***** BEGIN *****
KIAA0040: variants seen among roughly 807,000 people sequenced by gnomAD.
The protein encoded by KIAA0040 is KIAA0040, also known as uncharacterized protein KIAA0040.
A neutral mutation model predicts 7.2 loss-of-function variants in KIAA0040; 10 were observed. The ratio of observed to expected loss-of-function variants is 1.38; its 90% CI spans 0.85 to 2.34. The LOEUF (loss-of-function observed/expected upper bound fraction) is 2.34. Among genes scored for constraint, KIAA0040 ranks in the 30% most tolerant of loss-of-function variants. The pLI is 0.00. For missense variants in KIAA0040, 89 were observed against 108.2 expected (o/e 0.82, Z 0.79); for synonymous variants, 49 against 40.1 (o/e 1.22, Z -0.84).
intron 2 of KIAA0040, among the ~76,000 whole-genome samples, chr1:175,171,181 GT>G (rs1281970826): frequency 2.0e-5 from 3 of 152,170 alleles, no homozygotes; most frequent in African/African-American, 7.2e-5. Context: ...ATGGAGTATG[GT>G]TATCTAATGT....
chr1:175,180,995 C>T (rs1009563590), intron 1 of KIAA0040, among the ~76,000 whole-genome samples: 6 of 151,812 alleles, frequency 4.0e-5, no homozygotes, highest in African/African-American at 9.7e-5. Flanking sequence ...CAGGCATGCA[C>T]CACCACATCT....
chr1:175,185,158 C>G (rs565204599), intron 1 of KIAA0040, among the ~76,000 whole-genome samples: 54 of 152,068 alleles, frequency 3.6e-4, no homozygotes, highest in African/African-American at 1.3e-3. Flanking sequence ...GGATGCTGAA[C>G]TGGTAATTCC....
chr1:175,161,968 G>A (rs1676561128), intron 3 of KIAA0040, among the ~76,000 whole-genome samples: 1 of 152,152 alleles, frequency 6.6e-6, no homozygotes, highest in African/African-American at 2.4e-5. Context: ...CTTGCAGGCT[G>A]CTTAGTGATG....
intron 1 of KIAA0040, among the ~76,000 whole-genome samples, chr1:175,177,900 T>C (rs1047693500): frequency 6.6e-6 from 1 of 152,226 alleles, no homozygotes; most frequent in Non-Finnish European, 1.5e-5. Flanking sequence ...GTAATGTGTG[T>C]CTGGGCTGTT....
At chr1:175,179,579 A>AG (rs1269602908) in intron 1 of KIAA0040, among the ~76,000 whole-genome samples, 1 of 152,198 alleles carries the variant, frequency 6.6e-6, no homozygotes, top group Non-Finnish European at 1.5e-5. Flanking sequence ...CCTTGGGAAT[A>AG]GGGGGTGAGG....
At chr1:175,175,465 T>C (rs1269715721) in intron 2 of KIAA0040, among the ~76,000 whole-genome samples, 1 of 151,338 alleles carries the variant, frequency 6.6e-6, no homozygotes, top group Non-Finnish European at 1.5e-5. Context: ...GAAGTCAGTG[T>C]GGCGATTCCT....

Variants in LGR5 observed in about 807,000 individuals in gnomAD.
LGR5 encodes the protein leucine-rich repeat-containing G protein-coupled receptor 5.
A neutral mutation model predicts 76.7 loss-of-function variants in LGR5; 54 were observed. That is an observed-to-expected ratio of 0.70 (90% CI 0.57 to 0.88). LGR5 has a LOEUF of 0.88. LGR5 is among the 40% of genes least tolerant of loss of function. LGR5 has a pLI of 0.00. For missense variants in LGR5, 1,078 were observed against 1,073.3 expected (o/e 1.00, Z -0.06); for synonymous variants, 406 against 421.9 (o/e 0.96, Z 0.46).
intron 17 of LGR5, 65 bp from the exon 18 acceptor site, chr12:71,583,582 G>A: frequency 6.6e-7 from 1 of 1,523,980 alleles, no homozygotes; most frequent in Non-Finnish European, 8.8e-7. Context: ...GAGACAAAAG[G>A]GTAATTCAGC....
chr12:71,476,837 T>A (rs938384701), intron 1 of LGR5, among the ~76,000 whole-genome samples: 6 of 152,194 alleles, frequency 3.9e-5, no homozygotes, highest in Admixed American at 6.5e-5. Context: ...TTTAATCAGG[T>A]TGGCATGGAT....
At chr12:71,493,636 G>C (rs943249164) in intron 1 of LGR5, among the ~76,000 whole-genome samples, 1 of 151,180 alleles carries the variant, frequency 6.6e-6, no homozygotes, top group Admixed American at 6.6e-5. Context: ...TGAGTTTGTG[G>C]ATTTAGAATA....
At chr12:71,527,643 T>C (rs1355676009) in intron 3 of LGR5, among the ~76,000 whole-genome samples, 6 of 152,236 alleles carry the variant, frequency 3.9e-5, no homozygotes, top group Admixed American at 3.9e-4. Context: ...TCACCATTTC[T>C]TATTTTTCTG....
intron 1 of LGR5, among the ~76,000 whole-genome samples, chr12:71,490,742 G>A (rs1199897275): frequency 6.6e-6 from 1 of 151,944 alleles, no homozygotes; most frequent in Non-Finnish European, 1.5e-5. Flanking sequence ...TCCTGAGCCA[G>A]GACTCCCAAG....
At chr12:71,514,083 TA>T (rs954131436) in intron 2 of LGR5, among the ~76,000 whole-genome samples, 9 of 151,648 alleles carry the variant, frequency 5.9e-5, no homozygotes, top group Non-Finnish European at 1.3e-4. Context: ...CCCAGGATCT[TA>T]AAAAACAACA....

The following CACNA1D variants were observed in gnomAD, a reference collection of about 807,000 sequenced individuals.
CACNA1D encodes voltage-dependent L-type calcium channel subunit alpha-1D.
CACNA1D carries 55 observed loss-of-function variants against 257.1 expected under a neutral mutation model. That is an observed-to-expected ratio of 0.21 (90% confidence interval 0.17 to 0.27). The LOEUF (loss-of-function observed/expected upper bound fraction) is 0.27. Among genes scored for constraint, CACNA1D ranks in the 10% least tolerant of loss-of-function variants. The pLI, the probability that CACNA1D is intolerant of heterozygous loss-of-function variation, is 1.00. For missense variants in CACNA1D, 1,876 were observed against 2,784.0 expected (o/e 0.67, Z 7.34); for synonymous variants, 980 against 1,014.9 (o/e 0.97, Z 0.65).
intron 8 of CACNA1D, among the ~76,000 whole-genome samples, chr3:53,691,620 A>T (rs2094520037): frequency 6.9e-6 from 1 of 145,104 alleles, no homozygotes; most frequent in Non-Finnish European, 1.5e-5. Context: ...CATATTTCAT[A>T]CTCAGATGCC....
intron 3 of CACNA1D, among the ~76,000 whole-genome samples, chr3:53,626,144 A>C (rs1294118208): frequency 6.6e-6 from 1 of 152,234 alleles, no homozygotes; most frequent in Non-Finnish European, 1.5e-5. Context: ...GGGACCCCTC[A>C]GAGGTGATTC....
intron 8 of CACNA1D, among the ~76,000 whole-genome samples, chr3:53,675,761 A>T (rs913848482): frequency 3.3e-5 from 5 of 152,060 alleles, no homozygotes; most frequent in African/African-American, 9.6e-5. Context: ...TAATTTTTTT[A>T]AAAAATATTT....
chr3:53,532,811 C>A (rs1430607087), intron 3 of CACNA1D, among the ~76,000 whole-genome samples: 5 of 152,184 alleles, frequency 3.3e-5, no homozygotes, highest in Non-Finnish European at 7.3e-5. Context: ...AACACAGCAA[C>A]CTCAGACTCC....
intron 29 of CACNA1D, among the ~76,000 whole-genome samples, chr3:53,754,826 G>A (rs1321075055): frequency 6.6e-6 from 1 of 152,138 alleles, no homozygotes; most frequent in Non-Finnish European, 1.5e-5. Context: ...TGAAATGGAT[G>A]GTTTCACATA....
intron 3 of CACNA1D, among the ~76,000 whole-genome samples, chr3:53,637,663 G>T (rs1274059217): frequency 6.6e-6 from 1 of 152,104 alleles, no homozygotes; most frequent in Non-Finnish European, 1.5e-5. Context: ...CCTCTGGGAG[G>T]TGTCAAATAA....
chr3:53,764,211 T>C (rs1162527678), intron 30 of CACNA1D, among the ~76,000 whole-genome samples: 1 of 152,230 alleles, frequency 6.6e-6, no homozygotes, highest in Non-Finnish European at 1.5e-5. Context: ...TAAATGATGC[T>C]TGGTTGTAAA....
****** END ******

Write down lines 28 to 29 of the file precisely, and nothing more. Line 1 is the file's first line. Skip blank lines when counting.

intron 3 of CACNA1D, among the ~76,000 whole-genome samples, chr3:53,637,663 G>T (rs1274059217): frequency 6.6e-6 from 1 of 152,104 alleles, no homozygotes; most frequent in Non-Finnish European, 1.5e-5. Context: ...CCTCTGGGAG[G>T]TGTCAAATAA....
chr3:53,764,211 T>C (rs1162527678), intron 30 of CACNA1D, among the ~76,000 whole-genome samples: 1 of 152,230 alleles, frequency 6.6e-6, no homozygotes, highest in Non-Finnish European at 1.5e-5. Context: ...TAAATGATGC[T>C]TGGTTGTAAA....